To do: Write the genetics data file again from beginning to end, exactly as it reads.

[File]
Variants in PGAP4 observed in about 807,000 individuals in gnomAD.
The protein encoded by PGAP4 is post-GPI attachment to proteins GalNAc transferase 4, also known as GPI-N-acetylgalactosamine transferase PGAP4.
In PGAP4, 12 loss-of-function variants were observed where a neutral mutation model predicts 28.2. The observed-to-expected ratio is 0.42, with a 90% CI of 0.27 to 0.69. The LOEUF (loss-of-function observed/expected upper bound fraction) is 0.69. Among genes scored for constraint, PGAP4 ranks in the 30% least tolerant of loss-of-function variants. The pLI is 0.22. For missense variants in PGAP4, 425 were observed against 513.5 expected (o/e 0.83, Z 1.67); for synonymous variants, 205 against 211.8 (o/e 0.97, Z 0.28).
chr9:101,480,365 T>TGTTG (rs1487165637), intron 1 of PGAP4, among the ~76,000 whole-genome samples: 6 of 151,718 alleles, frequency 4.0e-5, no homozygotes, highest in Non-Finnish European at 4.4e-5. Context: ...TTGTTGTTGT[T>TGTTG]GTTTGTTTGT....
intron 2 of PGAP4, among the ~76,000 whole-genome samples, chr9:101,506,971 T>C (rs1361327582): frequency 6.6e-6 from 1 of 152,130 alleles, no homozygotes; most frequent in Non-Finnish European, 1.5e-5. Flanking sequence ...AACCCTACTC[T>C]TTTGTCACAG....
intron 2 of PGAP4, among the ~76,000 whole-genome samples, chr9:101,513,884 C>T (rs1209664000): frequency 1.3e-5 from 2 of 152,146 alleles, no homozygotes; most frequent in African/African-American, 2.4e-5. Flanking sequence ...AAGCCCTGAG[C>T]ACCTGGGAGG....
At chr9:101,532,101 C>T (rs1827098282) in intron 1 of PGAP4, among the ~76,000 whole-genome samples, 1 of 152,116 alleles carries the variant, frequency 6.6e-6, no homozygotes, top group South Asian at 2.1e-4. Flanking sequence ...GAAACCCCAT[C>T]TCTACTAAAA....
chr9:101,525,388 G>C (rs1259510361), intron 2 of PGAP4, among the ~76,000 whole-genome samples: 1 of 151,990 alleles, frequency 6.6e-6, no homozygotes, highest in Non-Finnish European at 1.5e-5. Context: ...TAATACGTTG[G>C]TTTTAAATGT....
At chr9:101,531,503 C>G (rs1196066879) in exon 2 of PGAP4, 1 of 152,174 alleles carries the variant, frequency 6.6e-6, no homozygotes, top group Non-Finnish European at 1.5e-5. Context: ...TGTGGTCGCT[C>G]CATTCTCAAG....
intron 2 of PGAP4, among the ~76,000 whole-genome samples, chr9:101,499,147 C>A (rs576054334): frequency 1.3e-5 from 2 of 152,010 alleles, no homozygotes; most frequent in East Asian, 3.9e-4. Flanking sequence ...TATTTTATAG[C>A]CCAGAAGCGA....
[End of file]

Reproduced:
Variants in PGAP4 observed in about 807,000 individuals in gnomAD.
The protein encoded by PGAP4 is post-GPI attachment to proteins GalNAc transferase 4, also known as GPI-N-acetylgalactosamine transferase PGAP4.
In PGAP4, 12 loss-of-function variants were observed where a neutral mutation model predicts 28.2. The observed-to-expected ratio is 0.42, with a 90% CI of 0.27 to 0.69. The LOEUF (loss-of-function observed/expected upper bound fraction) is 0.69. Among genes scored for constraint, PGAP4 ranks in the 30% least tolerant of loss-of-function variants. The pLI is 0.22. For missense variants in PGAP4, 425 were observed against 513.5 expected (o/e 0.83, Z 1.67); for synonymous variants, 205 against 211.8 (o/e 0.97, Z 0.28).
chr9:101,480,365 T>TGTTG (rs1487165637), intron 1 of PGAP4, among the ~76,000 whole-genome samples: 6 of 151,718 alleles, frequency 4.0e-5, no homozygotes, highest in Non-Finnish European at 4.4e-5. Context: ...TTGTTGTTGT[T>TGTTG]GTTTGTTTGT....
intron 2 of PGAP4, among the ~76,000 whole-genome samples, chr9:101,506,971 T>C (rs1361327582): frequency 6.6e-6 from 1 of 152,130 alleles, no homozygotes; most frequent in Non-Finnish European, 1.5e-5. Flanking sequence ...AACCCTACTC[T>C]TTTGTCACAG....
intron 2 of PGAP4, among the ~76,000 whole-genome samples, chr9:101,513,884 C>T (rs1209664000): frequency 1.3e-5 from 2 of 152,146 alleles, no homozygotes; most frequent in African/African-American, 2.4e-5. Flanking sequence ...AAGCCCTGAG[C>T]ACCTGGGAGG....
At chr9:101,532,101 C>T (rs1827098282) in intron 1 of PGAP4, among the ~76,000 whole-genome samples, 1 of 152,116 alleles carries the variant, frequency 6.6e-6, no homozygotes, top group South Asian at 2.1e-4. Flanking sequence ...GAAACCCCAT[C>T]TCTACTAAAA....
chr9:101,525,388 G>C (rs1259510361), intron 2 of PGAP4, among the ~76,000 whole-genome samples: 1 of 151,990 alleles, frequency 6.6e-6, no homozygotes, highest in Non-Finnish European at 1.5e-5. Context: ...TAATACGTTG[G>C]TTTTAAATGT....
At chr9:101,531,503 C>G (rs1196066879) in exon 2 of PGAP4, 1 of 152,174 alleles carries the variant, frequency 6.6e-6, no homozygotes, top group Non-Finnish European at 1.5e-5. Context: ...TGTGGTCGCT[C>G]CATTCTCAAG....
intron 2 of PGAP4, among the ~76,000 whole-genome samples, chr9:101,499,147 C>A (rs576054334): frequency 1.3e-5 from 2 of 152,010 alleles, no homozygotes; most frequent in East Asian, 3.9e-4. Flanking sequence ...TATTTTATAG[C>A]CCAGAAGCGA....